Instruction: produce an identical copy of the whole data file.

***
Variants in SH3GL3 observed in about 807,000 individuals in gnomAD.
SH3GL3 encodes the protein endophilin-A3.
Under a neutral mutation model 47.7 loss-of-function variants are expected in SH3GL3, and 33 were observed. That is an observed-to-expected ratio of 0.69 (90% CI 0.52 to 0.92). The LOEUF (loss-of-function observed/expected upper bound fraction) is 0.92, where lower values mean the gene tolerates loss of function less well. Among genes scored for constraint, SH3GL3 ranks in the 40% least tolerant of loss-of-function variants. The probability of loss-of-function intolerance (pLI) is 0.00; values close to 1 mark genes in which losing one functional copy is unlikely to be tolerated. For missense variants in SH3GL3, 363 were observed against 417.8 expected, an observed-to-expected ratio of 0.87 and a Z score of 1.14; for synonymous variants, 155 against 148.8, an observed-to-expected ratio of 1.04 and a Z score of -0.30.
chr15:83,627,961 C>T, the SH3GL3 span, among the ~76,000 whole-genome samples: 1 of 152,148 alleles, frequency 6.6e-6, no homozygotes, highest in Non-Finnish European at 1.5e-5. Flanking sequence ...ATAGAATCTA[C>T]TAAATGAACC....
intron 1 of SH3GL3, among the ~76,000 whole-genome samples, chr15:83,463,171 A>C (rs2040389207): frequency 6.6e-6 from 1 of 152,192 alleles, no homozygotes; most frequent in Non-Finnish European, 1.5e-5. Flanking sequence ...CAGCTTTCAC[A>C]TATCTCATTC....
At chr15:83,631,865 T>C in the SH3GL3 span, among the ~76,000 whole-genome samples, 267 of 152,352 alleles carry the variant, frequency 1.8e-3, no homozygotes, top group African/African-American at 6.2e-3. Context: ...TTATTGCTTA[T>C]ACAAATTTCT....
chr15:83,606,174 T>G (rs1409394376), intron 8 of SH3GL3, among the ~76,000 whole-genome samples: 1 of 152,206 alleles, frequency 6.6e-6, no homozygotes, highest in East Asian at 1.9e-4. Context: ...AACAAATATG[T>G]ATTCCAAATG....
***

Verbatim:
Variants in SH3GL3 observed in about 807,000 individuals in gnomAD.
SH3GL3 encodes the protein endophilin-A3.
Under a neutral mutation model 47.7 loss-of-function variants are expected in SH3GL3, and 33 were observed. That is an observed-to-expected ratio of 0.69 (90% CI 0.52 to 0.92). The LOEUF (loss-of-function observed/expected upper bound fraction) is 0.92, where lower values mean the gene tolerates loss of function less well. Among genes scored for constraint, SH3GL3 ranks in the 40% least tolerant of loss-of-function variants. The probability of loss-of-function intolerance (pLI) is 0.00; values close to 1 mark genes in which losing one functional copy is unlikely to be tolerated. For missense variants in SH3GL3, 363 were observed against 417.8 expected, an observed-to-expected ratio of 0.87 and a Z score of 1.14; for synonymous variants, 155 against 148.8, an observed-to-expected ratio of 1.04 and a Z score of -0.30.
chr15:83,627,961 C>T, the SH3GL3 span, among the ~76,000 whole-genome samples: 1 of 152,148 alleles, frequency 6.6e-6, no homozygotes, highest in Non-Finnish European at 1.5e-5. Flanking sequence ...ATAGAATCTA[C>T]TAAATGAACC....
intron 1 of SH3GL3, among the ~76,000 whole-genome samples, chr15:83,463,171 A>C (rs2040389207): frequency 6.6e-6 from 1 of 152,192 alleles, no homozygotes; most frequent in Non-Finnish European, 1.5e-5. Flanking sequence ...CAGCTTTCAC[A>C]TATCTCATTC....
At chr15:83,631,865 T>C in the SH3GL3 span, among the ~76,000 whole-genome samples, 267 of 152,352 alleles carry the variant, frequency 1.8e-3, no homozygotes, top group African/African-American at 6.2e-3. Context: ...TTATTGCTTA[T>C]ACAAATTTCT....
chr15:83,606,174 T>G (rs1409394376), intron 8 of SH3GL3, among the ~76,000 whole-genome samples: 1 of 152,206 alleles, frequency 6.6e-6, no homozygotes, highest in East Asian at 1.9e-4. Context: ...AACAAATATG[T>G]ATTCCAAATG....